Behind the Scenes of the Easy Petrol Post Driver Shoot

26/07/2019

It’s 20 degrees, not a cloud in the sky and there is an energetic buzz around a farm in the heart of Hope Valley… it’s photoshoot day!

As we eagerly await our photos back from the highly recommended Andy Hook, I thought I’d share a behind-the-scenes look at our recent shoot.

Farm

Arriving at the Farm
For those who have been involved in the prelims of a photoshoot before, will vividly recall the blood, sweat and anguish that piles into the planning and preparation. For those that quite simply rock up on the day, I envy you, a lot.

Fortunately, working for a family-run business, everyone has to suffer… endure… I mean, participate, in the planning. Of course, I’m jesting, the planning stages are exciting, full-on and pose questions that range from: what colour ear muffs do we require? Who is in charge of the Instagram story? And my personal favourite… does Kieran from your swimming club look like a farmer?

Kieran

With a location chosen, equipment sourced, photographer and models booked, it was finally time for the action to begin… or in our case, the heavens to open and rain on our parade (literally).

Yes, you guessed it, our photoshoot was a washout at least twice!

Scouting the area
The poisoned chalice of being spoilt for choice welcomed us as we arrived on site the morning of the shoot. Narrowing down the numerous locations proved to be the first, and most difficult task.

As a team, we adored this barn as a backdrop. The Pheasant pen in the woods would show the beauty of our machine. A steep hillside where only a UTV would dare trek was also another favoured option. Yet none of these made it to the final 4… were we mad?

Locations

Courtyard 1:30pm
Here. We. Go.

The thinking behind our first scene was the narrative. To best show you the solution our machine offers, we needed to more than embraced the mind of a farmer. Step forward, Mike, a renowned farmer who embraced becoming our first model.

Courtyard

Just like the planning and preparation of our shoot, installing a fence requires the same effort before being able to crack on with the job at hand. And such, we created the scenario of loading your UTV.

Now for those that know our Director, Simon, they’ll understand just how much he enjoys “getting on with it” and such during this first shoot, you could see his frustration growing by the second that no posts were being driven into the ground. So naturally, I asked him to wait by the car.

Simon

Oak Tree 2:30pm

Swiftly moving on we headed out into the field for scene 2 where Simon, to his relief, was let loose on installing a new fence.

Fence installation

Turns out that Kieran from the swimming club, does actually look like a farmer, and such was hired as model number 2. He arrived bang on time and slotted straight into using the machine, whilst the rest of us took a moment to refuel and analyse the shots we had already captured. No pressure Kieran.

Kieran

Leaving the glorious backdrop behind us we drove down into the woodland, through the ford and up the side of an incredibly steep hill and onto our 3rd location around a mile away. Unfortunately, when I say ‘we drove down’ I mean, everyone except me. With an eye for capturing the vehicles wading through the ford (which you can see in our behind-the-scenes video), I volunteered to hike it. Let me know if it was worth it when you see the video below.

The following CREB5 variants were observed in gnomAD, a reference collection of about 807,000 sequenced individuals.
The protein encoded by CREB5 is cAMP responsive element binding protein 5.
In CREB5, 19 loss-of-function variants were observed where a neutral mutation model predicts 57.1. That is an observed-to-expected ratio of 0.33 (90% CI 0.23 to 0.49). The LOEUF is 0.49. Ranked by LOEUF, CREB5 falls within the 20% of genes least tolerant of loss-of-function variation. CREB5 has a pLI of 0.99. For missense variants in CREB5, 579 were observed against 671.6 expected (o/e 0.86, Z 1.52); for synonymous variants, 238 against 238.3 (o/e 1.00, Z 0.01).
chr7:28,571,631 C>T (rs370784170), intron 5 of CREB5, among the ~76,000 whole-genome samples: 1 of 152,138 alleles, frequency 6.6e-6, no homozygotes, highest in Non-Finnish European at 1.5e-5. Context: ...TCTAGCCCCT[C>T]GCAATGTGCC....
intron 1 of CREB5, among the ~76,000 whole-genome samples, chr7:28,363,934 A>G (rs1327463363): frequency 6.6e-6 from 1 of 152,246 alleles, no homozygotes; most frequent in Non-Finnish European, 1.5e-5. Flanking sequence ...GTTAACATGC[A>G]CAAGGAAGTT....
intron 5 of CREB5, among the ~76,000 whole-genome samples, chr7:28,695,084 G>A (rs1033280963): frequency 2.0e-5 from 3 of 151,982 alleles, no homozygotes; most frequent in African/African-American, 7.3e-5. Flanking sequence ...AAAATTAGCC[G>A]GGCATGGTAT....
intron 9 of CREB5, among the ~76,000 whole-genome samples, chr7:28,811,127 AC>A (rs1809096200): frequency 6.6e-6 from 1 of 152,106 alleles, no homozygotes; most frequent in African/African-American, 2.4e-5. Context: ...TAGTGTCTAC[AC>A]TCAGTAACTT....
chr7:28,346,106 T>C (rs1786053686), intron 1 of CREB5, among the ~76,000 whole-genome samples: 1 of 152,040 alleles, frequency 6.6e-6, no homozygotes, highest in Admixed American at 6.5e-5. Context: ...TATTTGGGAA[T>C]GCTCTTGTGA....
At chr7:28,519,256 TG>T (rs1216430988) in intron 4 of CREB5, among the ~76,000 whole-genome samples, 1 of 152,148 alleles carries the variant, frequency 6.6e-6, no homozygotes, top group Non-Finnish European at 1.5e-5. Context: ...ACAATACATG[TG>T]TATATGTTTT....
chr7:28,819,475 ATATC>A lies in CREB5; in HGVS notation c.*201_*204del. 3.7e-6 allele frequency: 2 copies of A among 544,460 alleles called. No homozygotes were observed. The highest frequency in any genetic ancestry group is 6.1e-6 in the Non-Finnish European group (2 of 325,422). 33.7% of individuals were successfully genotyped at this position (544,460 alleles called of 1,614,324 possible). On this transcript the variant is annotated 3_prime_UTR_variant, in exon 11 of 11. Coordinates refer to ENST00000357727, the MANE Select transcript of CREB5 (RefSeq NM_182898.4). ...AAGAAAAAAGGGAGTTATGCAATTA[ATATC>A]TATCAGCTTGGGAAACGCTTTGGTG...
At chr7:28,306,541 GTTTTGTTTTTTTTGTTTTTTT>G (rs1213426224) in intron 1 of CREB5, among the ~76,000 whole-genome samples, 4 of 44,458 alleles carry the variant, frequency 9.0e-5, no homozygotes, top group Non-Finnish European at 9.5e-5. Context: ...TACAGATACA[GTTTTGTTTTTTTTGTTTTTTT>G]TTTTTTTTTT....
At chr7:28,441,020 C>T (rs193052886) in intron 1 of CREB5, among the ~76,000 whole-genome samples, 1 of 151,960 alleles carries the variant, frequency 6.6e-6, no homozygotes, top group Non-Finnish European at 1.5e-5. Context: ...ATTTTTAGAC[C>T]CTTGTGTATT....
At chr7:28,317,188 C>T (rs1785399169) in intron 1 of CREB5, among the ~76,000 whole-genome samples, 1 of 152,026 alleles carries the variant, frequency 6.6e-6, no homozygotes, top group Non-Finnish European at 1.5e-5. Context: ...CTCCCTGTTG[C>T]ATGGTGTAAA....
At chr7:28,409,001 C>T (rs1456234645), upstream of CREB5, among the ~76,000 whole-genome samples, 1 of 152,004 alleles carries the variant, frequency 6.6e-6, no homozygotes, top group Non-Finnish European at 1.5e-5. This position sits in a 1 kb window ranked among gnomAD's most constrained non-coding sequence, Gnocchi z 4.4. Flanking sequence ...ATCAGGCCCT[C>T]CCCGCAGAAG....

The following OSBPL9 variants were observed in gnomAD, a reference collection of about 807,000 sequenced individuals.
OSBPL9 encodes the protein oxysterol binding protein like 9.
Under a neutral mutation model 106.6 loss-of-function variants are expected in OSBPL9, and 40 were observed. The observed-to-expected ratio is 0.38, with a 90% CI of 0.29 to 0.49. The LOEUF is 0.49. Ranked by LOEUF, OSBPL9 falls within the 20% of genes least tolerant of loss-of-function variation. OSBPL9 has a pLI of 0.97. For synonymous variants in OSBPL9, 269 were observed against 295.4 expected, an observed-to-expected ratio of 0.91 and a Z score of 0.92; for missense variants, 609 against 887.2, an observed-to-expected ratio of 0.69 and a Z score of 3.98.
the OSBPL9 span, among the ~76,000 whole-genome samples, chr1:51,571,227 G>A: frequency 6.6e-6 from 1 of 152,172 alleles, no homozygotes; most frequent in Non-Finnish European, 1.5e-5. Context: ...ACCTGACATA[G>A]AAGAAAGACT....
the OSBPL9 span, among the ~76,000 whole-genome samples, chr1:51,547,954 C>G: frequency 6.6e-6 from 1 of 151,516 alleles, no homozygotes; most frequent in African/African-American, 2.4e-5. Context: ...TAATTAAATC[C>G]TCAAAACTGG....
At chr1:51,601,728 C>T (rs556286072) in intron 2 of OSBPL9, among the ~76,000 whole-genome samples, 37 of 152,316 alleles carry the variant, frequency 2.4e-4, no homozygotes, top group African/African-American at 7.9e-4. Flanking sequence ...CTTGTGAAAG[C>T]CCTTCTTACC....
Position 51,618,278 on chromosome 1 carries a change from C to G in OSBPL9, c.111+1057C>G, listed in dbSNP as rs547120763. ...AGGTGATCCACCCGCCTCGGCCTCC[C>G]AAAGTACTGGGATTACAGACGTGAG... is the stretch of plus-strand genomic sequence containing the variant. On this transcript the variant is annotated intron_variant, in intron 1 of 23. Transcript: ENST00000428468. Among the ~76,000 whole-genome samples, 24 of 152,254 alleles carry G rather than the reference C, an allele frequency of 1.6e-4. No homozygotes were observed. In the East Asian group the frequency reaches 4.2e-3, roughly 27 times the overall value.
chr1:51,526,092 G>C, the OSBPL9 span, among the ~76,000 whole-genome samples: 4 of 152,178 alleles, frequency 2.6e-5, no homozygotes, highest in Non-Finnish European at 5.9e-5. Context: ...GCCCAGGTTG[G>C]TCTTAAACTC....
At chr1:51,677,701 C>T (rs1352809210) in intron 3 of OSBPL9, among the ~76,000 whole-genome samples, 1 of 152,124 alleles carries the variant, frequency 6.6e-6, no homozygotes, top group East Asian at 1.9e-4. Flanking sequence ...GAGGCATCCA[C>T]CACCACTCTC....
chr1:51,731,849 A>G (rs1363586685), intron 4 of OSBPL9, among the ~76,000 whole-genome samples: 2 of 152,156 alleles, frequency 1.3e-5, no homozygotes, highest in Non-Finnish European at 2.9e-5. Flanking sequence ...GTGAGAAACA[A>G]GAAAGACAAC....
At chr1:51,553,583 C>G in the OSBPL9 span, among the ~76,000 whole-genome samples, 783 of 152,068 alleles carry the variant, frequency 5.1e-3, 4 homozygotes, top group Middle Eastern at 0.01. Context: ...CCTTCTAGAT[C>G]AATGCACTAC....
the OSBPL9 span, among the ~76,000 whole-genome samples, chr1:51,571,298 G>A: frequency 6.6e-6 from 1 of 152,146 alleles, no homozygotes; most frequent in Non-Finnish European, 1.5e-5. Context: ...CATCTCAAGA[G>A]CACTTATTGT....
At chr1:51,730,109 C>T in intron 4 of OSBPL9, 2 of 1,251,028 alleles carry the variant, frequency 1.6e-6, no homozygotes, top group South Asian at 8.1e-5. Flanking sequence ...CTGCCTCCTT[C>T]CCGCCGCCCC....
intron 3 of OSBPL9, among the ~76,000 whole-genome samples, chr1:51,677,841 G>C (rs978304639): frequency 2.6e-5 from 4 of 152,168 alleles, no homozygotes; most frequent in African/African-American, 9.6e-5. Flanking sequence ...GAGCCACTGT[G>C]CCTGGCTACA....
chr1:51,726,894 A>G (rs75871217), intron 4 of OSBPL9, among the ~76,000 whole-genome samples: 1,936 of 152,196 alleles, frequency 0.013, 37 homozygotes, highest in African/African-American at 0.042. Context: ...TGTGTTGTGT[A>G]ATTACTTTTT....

Steep Bank 5pm
Picture the scene. A steep bank that requires a new fence. It’s a conundrum, we all know that. No tractor will survive the journey and a post rammer just isn’t desirable.

Up steps the Easy Petrol Post Driver. The one difficulty we had with this scene was achieving the shot that truly showed the uneven terrain. Hopefully this one does it justice?

Steep Hill

Simon was let loose on helping install the fence again.

Installing fences

Sadly, using our post driver makes the job a breeze so it wasn’t long before he appeared jobless and frustrated yet again.

Simon

To his delight, we were able to quickly make him a useful hand before we had interest from other farm hands looking for the ‘extra’ slots.

Simon and Sheep

Hillside Wall 7pm
As we entered the final few hours of the day spirits remained high. Andy had secured the hero shot. Simon had installed numerous new fences and I, hopefully, captured the joyous behind the scenes moments along with a lot of sun on my neck.

We were in the final stretch and a glorious sunset beckoned. It was around this time it became apparent to me what an amateur decision it was to skip out on the sun cream this morning. No turning back now.

Sunset

Sunburn or no sunburn, the finale to our shoot was stunning. The low sun offered sensational silhouettes with the perfect ‘end of the day, job done’ feel.

And just like that, as the sunset behind the Derbyshire Dales, our photoshoot was complete. All the planning, preparation and production was behind us. High fives were had, thanks were shared and we departed the farm excited to create this behind-the-scenes look for you.

A personal note from me: I’d like to say a huge thanks to everyone involved in the photoshoot. To Andy Hook our photographer, who we can’t recommend highly enough, his energy and enthusiasm is second to none. To Mike and Kieran, our models, they embraced everything we threw at them with high spirits and a smile on their face. To Mike’s partner, who brilliantly organised the clothing. And to Laurie and Simon, our Directors, who well and truly got stuck in with anything that was asked of them… basically all the hard graft while I stood around flying drones and filming.

Mike Sunset

 

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